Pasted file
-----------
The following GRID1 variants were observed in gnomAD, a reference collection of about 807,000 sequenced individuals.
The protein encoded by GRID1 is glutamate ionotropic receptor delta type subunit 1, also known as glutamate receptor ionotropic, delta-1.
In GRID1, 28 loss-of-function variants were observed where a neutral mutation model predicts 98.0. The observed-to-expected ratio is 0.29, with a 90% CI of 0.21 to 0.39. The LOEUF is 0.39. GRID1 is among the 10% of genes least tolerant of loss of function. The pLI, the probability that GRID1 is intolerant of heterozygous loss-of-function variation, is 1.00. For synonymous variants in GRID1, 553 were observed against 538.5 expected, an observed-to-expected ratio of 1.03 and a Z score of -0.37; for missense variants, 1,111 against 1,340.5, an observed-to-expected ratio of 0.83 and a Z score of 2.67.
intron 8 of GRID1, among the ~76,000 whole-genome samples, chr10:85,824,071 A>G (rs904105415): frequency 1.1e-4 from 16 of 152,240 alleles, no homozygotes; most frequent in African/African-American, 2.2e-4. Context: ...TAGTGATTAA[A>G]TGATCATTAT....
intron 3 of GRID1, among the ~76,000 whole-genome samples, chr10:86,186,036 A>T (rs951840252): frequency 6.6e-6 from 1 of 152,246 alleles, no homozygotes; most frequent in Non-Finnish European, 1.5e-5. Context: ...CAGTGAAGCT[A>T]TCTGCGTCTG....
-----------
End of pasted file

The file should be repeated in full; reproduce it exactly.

The following GRID1 variants were observed in gnomAD, a reference collection of about 807,000 sequenced individuals.
The protein encoded by GRID1 is glutamate ionotropic receptor delta type subunit 1, also known as glutamate receptor ionotropic, delta-1.
In GRID1, 28 loss-of-function variants were observed where a neutral mutation model predicts 98.0. The observed-to-expected ratio is 0.29, with a 90% CI of 0.21 to 0.39. The LOEUF is 0.39. GRID1 is among the 10% of genes least tolerant of loss of function. The pLI, the probability that GRID1 is intolerant of heterozygous loss-of-function variation, is 1.00. For synonymous variants in GRID1, 553 were observed against 538.5 expected, an observed-to-expected ratio of 1.03 and a Z score of -0.37; for missense variants, 1,111 against 1,340.5, an observed-to-expected ratio of 0.83 and a Z score of 2.67.
intron 8 of GRID1, among the ~76,000 whole-genome samples, chr10:85,824,071 A>G (rs904105415): frequency 1.1e-4 from 16 of 152,240 alleles, no homozygotes; most frequent in African/African-American, 2.2e-4. Context: ...TAGTGATTAA[A>G]TGATCATTAT....
intron 3 of GRID1, among the ~76,000 whole-genome samples, chr10:86,186,036 A>T (rs951840252): frequency 6.6e-6 from 1 of 152,246 alleles, no homozygotes; most frequent in Non-Finnish European, 1.5e-5. Context: ...CAGTGAAGCT[A>T]TCTGCGTCTG....